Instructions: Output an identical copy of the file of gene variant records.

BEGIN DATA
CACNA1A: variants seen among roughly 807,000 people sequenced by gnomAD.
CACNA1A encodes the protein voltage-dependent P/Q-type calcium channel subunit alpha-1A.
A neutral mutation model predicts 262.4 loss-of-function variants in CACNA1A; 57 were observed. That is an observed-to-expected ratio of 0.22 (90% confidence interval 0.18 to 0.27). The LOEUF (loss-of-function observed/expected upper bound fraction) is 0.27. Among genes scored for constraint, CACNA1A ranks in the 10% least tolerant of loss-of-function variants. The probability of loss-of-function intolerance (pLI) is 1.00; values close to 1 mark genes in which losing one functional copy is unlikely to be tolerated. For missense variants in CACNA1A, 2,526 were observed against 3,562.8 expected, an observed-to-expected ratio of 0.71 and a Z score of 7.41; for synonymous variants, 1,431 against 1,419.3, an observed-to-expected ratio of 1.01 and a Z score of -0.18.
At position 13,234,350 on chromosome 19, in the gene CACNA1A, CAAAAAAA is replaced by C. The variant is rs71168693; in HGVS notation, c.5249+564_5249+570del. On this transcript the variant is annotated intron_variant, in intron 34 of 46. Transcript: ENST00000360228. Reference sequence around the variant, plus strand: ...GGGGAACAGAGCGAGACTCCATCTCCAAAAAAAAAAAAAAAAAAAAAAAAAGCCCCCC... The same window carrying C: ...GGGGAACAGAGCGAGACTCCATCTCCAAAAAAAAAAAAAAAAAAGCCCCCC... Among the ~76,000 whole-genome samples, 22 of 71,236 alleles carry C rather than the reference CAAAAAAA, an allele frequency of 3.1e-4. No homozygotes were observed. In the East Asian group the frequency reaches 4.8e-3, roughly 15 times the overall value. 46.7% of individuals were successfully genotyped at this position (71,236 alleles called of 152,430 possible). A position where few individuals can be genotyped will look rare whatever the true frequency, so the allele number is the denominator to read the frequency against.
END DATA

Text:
CACNA1A: variants seen among roughly 807,000 people sequenced by gnomAD.
CACNA1A encodes the protein voltage-dependent P/Q-type calcium channel subunit alpha-1A.
A neutral mutation model predicts 262.4 loss-of-function variants in CACNA1A; 57 were observed. That is an observed-to-expected ratio of 0.22 (90% confidence interval 0.18 to 0.27). The LOEUF (loss-of-function observed/expected upper bound fraction) is 0.27. Among genes scored for constraint, CACNA1A ranks in the 10% least tolerant of loss-of-function variants. The probability of loss-of-function intolerance (pLI) is 1.00; values close to 1 mark genes in which losing one functional copy is unlikely to be tolerated. For missense variants in CACNA1A, 2,526 were observed against 3,562.8 expected, an observed-to-expected ratio of 0.71 and a Z score of 7.41; for synonymous variants, 1,431 against 1,419.3, an observed-to-expected ratio of 1.01 and a Z score of -0.18.
At position 13,234,350 on chromosome 19, in the gene CACNA1A, CAAAAAAA is replaced by C. The variant is rs71168693; in HGVS notation, c.5249+564_5249+570del. On this transcript the variant is annotated intron_variant, in intron 34 of 46. Transcript: ENST00000360228. Reference sequence around the variant, plus strand: ...GGGGAACAGAGCGAGACTCCATCTCCAAAAAAAAAAAAAAAAAAAAAAAAAGCCCCCC... The same window carrying C: ...GGGGAACAGAGCGAGACTCCATCTCCAAAAAAAAAAAAAAAAAAGCCCCCC... Among the ~76,000 whole-genome samples, 22 of 71,236 alleles carry C rather than the reference CAAAAAAA, an allele frequency of 3.1e-4. No homozygotes were observed. In the East Asian group the frequency reaches 4.8e-3, roughly 15 times the overall value. 46.7% of individuals were successfully genotyped at this position (71,236 alleles called of 152,430 possible). A position where few individuals can be genotyped will look rare whatever the true frequency, so the allele number is the denominator to read the frequency against.